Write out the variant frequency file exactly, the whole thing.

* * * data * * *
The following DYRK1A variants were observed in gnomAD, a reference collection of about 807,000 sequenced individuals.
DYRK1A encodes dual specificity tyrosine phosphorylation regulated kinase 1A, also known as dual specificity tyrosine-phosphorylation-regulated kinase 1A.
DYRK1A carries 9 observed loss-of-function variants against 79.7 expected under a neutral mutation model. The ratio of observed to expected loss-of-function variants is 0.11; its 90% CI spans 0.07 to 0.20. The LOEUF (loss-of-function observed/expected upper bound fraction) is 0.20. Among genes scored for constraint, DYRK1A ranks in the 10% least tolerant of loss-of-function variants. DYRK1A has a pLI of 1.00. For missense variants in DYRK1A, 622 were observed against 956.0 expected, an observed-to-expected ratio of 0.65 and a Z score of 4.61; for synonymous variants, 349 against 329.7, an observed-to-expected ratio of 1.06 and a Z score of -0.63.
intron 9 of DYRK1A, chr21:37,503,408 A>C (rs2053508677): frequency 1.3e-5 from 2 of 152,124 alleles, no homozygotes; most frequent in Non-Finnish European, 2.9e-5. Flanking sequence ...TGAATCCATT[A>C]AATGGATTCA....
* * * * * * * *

The following DYRK1A variants were observed in gnomAD, a reference collection of about 807,000 sequenced individuals.
DYRK1A encodes dual specificity tyrosine phosphorylation regulated kinase 1A, also known as dual specificity tyrosine-phosphorylation-regulated kinase 1A.
DYRK1A carries 9 observed loss-of-function variants against 79.7 expected under a neutral mutation model. The ratio of observed to expected loss-of-function variants is 0.11; its 90% CI spans 0.07 to 0.20. The LOEUF (loss-of-function observed/expected upper bound fraction) is 0.20. Among genes scored for constraint, DYRK1A ranks in the 10% least tolerant of loss-of-function variants. DYRK1A has a pLI of 1.00. For missense variants in DYRK1A, 622 were observed against 956.0 expected, an observed-to-expected ratio of 0.65 and a Z score of 4.61; for synonymous variants, 349 against 329.7, an observed-to-expected ratio of 1.06 and a Z score of -0.63.
intron 9 of DYRK1A, chr21:37,503,408 A>C (rs2053508677): frequency 1.3e-5 from 2 of 152,124 alleles, no homozygotes; most frequent in Non-Finnish European, 2.9e-5. Flanking sequence ...TGAATCCATT[A>C]AATGGATTCA....